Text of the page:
NAFTA - North American Free Trade Art, 2010 - ongoingphotographic triptychs series, archival prints, edition of ten

This series groups three iconic images that were taken in Canada, Mexico and the United States. This work elucidates my ongoing artistic interests and intentions to use formal conceits to underline conceptual implications.

The exhibition - NAFTA – North American Free Trade Art (2010) situates itself between the real and surreal. The photos taken in the three different countries are 'off the hip' shooting of street images – a captured everyday reality. However, coupled and cropped, they function as mechanisms for pointing out both difference and similarity. By not knowing which photo is taken in which country the viewers are challenged to question their own impressions of those places. The exoticism of the unknown is examined through snippets of scenes, peepholes into the unknown. The deliberate slicing of the photo plane, in thirds, though not always equally, emphasizes the problematic construct of nationhood.

The term NAFTA implies a coming together, an agreement to co-operate between three nations. As Canadians have learnt through debacles like the softwood lumber dispute, the reality of the agreement is a far cry from the written and publicized intentions of the pact. The images in this series are 'forced' together, sitting uneasily, but also with need for each other to support the whole composition.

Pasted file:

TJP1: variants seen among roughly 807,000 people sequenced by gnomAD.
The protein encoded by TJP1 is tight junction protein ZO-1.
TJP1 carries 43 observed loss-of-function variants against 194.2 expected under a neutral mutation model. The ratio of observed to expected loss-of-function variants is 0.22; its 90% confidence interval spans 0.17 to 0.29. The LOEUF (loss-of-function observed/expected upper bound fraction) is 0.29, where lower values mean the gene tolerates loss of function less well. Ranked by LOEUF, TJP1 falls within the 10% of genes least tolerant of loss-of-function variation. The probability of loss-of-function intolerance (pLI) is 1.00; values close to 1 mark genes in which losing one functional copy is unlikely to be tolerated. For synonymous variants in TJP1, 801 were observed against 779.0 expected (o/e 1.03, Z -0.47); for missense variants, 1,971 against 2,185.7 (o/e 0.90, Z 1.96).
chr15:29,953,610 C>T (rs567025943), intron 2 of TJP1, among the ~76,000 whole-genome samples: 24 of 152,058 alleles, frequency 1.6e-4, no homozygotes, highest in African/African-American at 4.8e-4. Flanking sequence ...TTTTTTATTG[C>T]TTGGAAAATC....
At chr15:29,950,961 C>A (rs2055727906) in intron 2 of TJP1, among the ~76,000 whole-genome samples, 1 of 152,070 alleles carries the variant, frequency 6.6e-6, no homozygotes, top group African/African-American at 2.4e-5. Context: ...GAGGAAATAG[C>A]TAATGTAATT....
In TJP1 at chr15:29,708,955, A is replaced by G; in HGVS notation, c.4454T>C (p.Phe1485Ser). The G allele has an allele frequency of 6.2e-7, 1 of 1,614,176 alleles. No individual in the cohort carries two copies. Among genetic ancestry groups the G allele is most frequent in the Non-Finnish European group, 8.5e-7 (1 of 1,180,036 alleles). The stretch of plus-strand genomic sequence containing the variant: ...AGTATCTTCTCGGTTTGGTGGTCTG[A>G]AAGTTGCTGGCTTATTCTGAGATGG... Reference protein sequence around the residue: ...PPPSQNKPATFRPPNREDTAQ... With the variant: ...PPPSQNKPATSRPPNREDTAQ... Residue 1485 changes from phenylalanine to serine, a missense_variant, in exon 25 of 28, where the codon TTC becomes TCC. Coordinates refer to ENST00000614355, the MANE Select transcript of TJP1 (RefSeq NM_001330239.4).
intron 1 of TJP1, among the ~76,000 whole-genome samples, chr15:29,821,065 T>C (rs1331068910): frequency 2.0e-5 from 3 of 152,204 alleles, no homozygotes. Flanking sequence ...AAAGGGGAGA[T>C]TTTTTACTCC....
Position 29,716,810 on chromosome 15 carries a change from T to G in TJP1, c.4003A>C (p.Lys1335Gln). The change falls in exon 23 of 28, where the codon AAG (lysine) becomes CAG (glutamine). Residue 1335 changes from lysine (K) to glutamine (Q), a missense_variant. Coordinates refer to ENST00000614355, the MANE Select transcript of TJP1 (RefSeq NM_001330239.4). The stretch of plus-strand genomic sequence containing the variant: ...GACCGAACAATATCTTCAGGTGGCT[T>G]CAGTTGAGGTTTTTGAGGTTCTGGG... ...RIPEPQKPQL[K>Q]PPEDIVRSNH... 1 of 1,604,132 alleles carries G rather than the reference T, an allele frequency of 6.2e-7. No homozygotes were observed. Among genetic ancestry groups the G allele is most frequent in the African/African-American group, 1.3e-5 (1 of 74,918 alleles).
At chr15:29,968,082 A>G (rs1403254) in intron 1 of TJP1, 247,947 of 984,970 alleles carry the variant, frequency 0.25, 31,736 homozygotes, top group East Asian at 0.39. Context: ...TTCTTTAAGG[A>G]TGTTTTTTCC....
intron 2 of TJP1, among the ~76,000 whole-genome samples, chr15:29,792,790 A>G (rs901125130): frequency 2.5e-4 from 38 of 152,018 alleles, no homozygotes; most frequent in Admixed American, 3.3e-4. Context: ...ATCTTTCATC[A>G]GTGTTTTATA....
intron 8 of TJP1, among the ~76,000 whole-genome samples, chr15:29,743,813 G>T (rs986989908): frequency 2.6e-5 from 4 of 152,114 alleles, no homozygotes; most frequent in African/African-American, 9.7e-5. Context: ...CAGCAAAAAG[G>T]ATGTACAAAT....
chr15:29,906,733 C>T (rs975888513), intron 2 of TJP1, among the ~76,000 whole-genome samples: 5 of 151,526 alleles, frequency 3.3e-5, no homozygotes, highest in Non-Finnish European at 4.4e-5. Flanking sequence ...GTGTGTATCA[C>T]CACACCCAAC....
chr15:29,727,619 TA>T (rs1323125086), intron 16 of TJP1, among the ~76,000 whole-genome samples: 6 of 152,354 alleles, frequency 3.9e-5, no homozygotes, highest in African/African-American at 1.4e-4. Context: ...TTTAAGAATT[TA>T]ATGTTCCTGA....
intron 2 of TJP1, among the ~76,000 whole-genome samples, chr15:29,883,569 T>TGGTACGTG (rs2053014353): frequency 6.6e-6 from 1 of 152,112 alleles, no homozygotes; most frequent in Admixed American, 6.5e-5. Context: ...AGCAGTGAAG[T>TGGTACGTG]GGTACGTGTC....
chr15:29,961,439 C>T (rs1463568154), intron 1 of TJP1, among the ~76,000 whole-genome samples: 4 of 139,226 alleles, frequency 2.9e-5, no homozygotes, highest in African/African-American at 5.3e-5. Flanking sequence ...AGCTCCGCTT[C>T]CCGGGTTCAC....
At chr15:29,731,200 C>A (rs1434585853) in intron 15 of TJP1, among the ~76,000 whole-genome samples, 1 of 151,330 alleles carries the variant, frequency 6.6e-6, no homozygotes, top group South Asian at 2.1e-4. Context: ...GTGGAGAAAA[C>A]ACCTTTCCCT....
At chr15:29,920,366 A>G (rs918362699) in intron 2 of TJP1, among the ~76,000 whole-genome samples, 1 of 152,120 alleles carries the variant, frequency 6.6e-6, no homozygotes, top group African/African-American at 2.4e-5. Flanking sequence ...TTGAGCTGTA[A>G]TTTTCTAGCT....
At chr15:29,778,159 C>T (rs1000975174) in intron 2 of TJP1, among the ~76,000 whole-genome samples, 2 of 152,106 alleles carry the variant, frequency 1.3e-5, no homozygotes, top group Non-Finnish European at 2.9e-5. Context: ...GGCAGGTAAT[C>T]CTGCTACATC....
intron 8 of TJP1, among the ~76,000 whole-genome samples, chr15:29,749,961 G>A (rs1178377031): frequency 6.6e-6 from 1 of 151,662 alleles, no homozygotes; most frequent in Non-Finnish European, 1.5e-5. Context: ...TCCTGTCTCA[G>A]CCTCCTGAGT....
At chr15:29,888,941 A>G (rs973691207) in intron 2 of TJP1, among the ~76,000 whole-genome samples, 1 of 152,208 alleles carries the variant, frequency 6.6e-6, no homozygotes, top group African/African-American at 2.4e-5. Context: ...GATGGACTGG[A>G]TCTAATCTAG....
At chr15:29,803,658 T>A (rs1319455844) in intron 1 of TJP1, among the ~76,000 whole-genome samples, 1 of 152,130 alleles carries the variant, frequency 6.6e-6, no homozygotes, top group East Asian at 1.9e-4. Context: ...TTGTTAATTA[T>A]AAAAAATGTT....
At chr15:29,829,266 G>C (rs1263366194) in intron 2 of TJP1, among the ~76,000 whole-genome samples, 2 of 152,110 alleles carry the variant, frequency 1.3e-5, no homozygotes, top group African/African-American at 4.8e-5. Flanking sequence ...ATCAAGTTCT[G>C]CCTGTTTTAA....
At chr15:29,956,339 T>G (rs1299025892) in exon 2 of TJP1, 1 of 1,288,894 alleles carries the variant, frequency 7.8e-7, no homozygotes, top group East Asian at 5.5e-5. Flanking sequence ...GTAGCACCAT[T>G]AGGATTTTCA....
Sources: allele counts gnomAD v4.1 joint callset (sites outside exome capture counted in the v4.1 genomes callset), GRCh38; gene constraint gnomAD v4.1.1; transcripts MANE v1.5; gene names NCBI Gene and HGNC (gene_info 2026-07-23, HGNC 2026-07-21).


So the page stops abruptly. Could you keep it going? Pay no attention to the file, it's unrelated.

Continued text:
Curator's Essay

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NAFTA - North American Free Trade Art, 2010 - ongoingphotographic triptychs series, archival prints, edition of ten

This series groups three iconic images that were taken in Canada, Mexico and the United States. This work elucidates my ongoing artistic interests and intentions to use formal conceits to underline conceptual implications.

The exhibition - NAFTA – North American Free Trade Art (2010) situates itself between the real and surreal. The photos taken in the three different countries are 'off the hip' shooting of street images – a captured everyday reality. However, coupled and cropped, they function as mechanisms for pointing out both difference and similarity. By not knowing which photo is taken in which country the viewers are challenged to question their own impressions of those places. The exoticism of the unknown is examined through snippets of scenes, peepholes into the unknown. The deliberate slicing of the photo plane, in thirds, though not always equally, emphasizes the problematic construct of nationhood.

The term NAFTA implies a coming together, an agreement to co-operate between three nations. As Canadians have learnt through debacles like the softwood lumber dispute, the reality of the agreement is a far cry from the written and publicized intentions of the pact. The images in this series are 'forced' together, sitting uneasily, but also with need for each other to support the whole composition.
Curator's Essay